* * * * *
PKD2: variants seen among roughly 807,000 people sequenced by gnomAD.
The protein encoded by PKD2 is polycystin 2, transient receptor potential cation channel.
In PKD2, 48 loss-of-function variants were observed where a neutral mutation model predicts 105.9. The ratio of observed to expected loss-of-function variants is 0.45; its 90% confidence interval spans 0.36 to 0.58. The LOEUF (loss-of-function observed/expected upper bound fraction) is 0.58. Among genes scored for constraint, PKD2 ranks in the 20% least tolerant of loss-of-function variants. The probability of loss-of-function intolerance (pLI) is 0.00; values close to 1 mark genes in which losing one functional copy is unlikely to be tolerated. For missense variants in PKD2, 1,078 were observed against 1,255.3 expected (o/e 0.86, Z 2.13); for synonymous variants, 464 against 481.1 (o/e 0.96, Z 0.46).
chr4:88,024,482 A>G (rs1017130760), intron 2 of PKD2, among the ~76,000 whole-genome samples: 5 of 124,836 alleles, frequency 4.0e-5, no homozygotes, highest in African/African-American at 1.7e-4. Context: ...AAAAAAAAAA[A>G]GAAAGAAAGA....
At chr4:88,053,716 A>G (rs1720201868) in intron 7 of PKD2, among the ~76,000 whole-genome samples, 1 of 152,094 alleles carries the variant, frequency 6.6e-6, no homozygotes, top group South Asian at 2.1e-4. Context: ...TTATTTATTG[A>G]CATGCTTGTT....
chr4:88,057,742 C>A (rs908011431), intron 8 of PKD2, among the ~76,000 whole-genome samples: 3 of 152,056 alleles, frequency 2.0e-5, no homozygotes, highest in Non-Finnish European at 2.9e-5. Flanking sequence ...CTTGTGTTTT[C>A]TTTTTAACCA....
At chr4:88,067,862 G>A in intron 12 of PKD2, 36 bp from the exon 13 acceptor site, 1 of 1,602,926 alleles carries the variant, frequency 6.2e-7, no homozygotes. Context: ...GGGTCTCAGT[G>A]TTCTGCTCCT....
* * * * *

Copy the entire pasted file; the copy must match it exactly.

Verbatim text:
PKD2: variants seen among roughly 807,000 people sequenced by gnomAD.
The protein encoded by PKD2 is polycystin 2, transient receptor potential cation channel.
In PKD2, 48 loss-of-function variants were observed where a neutral mutation model predicts 105.9. The ratio of observed to expected loss-of-function variants is 0.45; its 90% confidence interval spans 0.36 to 0.58. The LOEUF (loss-of-function observed/expected upper bound fraction) is 0.58. Among genes scored for constraint, PKD2 ranks in the 20% least tolerant of loss-of-function variants. The probability of loss-of-function intolerance (pLI) is 0.00; values close to 1 mark genes in which losing one functional copy is unlikely to be tolerated. For missense variants in PKD2, 1,078 were observed against 1,255.3 expected (o/e 0.86, Z 2.13); for synonymous variants, 464 against 481.1 (o/e 0.96, Z 0.46).
chr4:88,024,482 A>G (rs1017130760), intron 2 of PKD2, among the ~76,000 whole-genome samples: 5 of 124,836 alleles, frequency 4.0e-5, no homozygotes, highest in African/African-American at 1.7e-4. Context: ...AAAAAAAAAA[A>G]GAAAGAAAGA....
At chr4:88,053,716 A>G (rs1720201868) in intron 7 of PKD2, among the ~76,000 whole-genome samples, 1 of 152,094 alleles carries the variant, frequency 6.6e-6, no homozygotes, top group South Asian at 2.1e-4. Context: ...TTATTTATTG[A>G]CATGCTTGTT....
chr4:88,057,742 C>A (rs908011431), intron 8 of PKD2, among the ~76,000 whole-genome samples: 3 of 152,056 alleles, frequency 2.0e-5, no homozygotes, highest in Non-Finnish European at 2.9e-5. Flanking sequence ...CTTGTGTTTT[C>A]TTTTTAACCA....
At chr4:88,067,862 G>A in intron 12 of PKD2, 36 bp from the exon 13 acceptor site, 1 of 1,602,926 alleles carries the variant, frequency 6.2e-7, no homozygotes. Context: ...GGGTCTCAGT[G>A]TTCTGCTCCT....